Friday, March 01, 2013

Elizabeth Truss is not our enemy.

On Monday of this week, the DfE produced some new guidance on school attendance, which effectively outlawed the growing practice of flexi-schooling. Elizabeth Truss has been named as the minister responsible for the decision, which has reminded me of a post I meant to write back in October 2012, when she gave oral evidence to the Education Committee's inquiry into Support for Home Education.

I'm sorry for any distress and potential upheaval caused to flexischoolers by the above guidance, but flexischooling is NOT home education. It is permission requested by parents and granted by school heads at their own discretion (until now) for authorised study time off-site. The school retains full government funding for the child's full-time education for which it is, in any case, answerable to the government.

When Elizabeth Truss spoke to the Education Committee, she showed an excellent understanding of what is meant by full-time home education in comparison, I thought. Certainly better than anyone on the committee and most of the other evidence-providers. Here are some short clips of her evidence, with the words she said in them pasted below:

(Alex Carmichael: How do you actually track success and how do you actually ensure that there is some sort of challenge in there, particularly if you don't actually know who these people are?

Elizabeth Truss: Let's be clear. We're talking here about purely educational issues. So it's 'Is the child receiving a suitable education?'

Alex Carmichael: But we don't know if the child is. We don't know, you know, where these children are. How do we know that they're being suitably educated?

Elizabeth Truss: Well, the point is, it's the parent that has legal responsibility to make sure that child has a suitable education. So it's their legal responsibility and if they're not fulfilling that - if it comes to the notice of the local authority, then the local authority have a duty to follow that up. But it is the parent's responsibility and I think we've got to be careful about legislating from Westminster to try and interfere with that current position because the more duties we end up putting on local authorities to register, you then take the responsibility away from the parents and I'm very clear that when parents make the decision to home educate for, in many cases very good reasons - whether that's reasons specific to the way they want to educate their child or whether it's issues at school - they have taken that responsibility on and it's the parent that is accountable rather than the local authority.)

I think it's important for home educators to understand the importance of what this government minister is now on record as having said. When we try to share the funding of our children's home education with local authorities and/or schools, we are also asking for the responsibility to be shared. And currently what protects us from undue local authority intrusion into our educational provision is the fact that we, the parents, are legally accountable for it. The local authority is not.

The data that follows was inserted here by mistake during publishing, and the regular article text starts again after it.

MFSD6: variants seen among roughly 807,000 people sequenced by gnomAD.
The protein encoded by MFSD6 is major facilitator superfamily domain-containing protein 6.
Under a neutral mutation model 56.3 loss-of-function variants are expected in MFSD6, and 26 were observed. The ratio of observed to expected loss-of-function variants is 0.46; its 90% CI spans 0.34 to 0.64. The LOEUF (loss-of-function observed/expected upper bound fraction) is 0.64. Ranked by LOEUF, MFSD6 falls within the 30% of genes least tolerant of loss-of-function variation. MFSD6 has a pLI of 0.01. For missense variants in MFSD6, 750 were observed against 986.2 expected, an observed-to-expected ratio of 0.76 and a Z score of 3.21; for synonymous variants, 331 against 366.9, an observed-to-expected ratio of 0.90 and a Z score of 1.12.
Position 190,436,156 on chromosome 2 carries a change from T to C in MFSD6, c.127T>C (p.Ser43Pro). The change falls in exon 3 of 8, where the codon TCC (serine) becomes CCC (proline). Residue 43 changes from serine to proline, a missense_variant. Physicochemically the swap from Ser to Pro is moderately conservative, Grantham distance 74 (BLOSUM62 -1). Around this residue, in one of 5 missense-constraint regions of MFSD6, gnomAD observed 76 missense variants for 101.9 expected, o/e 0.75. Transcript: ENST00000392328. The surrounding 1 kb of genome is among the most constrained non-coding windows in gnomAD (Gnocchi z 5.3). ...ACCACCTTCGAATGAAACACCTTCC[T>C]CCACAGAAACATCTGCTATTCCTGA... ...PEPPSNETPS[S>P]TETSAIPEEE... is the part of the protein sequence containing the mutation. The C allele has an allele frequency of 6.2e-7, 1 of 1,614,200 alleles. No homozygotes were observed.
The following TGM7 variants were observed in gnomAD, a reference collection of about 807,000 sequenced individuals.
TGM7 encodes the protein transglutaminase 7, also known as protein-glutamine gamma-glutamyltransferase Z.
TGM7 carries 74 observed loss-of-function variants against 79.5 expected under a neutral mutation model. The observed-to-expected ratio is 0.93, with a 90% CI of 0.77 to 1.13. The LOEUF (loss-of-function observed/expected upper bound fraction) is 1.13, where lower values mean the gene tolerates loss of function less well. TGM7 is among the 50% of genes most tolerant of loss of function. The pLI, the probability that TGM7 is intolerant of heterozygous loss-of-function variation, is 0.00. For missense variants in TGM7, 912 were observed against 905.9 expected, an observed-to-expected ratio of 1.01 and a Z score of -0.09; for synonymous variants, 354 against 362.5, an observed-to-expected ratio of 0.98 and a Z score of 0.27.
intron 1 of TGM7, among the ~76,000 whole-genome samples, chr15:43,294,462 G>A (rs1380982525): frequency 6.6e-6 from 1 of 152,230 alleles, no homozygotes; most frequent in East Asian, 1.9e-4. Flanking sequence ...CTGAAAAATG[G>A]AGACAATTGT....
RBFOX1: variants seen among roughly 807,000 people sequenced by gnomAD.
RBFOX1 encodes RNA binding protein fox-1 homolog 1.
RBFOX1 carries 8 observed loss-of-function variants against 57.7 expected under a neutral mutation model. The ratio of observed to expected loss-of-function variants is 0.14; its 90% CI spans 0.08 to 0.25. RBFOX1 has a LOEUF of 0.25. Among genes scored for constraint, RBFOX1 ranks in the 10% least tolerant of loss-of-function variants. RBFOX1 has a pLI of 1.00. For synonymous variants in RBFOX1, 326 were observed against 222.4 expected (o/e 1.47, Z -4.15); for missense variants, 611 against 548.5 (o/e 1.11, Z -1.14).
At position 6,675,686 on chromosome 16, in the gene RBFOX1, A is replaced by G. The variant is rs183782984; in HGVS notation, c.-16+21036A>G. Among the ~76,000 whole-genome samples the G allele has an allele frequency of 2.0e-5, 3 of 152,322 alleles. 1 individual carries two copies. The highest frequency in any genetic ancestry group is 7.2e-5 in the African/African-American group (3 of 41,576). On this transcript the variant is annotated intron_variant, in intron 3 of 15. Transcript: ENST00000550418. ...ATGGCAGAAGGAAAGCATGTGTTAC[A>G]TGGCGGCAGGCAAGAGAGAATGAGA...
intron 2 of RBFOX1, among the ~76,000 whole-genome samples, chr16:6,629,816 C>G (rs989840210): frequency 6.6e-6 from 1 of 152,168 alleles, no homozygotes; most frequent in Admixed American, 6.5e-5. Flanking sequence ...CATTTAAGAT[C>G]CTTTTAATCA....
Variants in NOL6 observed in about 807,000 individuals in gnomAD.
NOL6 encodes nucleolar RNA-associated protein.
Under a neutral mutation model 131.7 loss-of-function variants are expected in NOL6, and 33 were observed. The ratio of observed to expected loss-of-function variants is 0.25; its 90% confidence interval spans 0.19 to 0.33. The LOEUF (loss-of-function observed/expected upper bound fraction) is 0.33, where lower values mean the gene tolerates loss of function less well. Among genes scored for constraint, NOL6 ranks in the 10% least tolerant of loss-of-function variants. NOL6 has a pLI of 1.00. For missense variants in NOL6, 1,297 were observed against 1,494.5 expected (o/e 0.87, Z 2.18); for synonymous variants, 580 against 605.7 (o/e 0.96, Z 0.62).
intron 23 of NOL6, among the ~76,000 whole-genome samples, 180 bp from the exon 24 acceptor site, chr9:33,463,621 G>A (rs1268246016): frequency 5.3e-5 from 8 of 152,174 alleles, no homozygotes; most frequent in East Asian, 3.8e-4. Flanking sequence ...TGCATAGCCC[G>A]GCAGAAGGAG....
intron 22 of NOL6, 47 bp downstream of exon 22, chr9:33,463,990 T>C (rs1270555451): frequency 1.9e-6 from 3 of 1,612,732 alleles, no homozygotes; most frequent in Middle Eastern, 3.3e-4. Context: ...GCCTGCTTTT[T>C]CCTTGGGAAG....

I feel I can't overstate the value of Elizabeth Truss's keen grasp of this position and the fact that in this, she is very much our ally - not our enemy.

("Because what we're saying here is, parents who have taken the responsibility to educate their children at home, that's their responsibility. It's not the local authority's responsibility. And local authority clearly have a responsibility to establish and identify children in the area that are of school age that aren't registered pupils at school and are not receiving a suitable education and if they hear of, or indeed identify where that's not the case, then they have a duty to follow that up. Well I think we're... in the question between, sort of, freedom and sort of tracking, keeping up with people, I think we're roughly in the right position and I don't think, um, given that there isn't any evidence that home education produces worse outcomes than other forms of education, I don't see a substantial reason at this stage, to change that.")

("I think that the balance at the moment is, roughly speaking, around the right place. So I think that we give home educators considerable freedom. We also give them responsibility to provide a suitable education for their children. We don't ask them to register. We don't have undue interference, which I wouldn't be in favour of, but at the same time we understand that it's a profound decision to educate your child at home and when a parent makes that decision they do have to take financial responsibility for that. I'm aware, the Secretary of State, when he came into office was pretty clear was pretty clear on the funding issue, given the general financial constraints the government face and in particular the Department for Education faces.")

It could not be more clear. As parents, we have full responsibility, set out in Section 7, for our children's education. If we do not wish to delegate this responsibility to the local authority and/or a school, then we MUST take full financial responsibility for it ourselves.

I speak as a single parent on minimum income, who has fully home educated three children to adulthood and is still home educating a further two. It can be done: I am doing it, and I have done it. Furthermore, I would recommend it to anyone.

If you want to watch the above evidence hearing in full, you can do so here.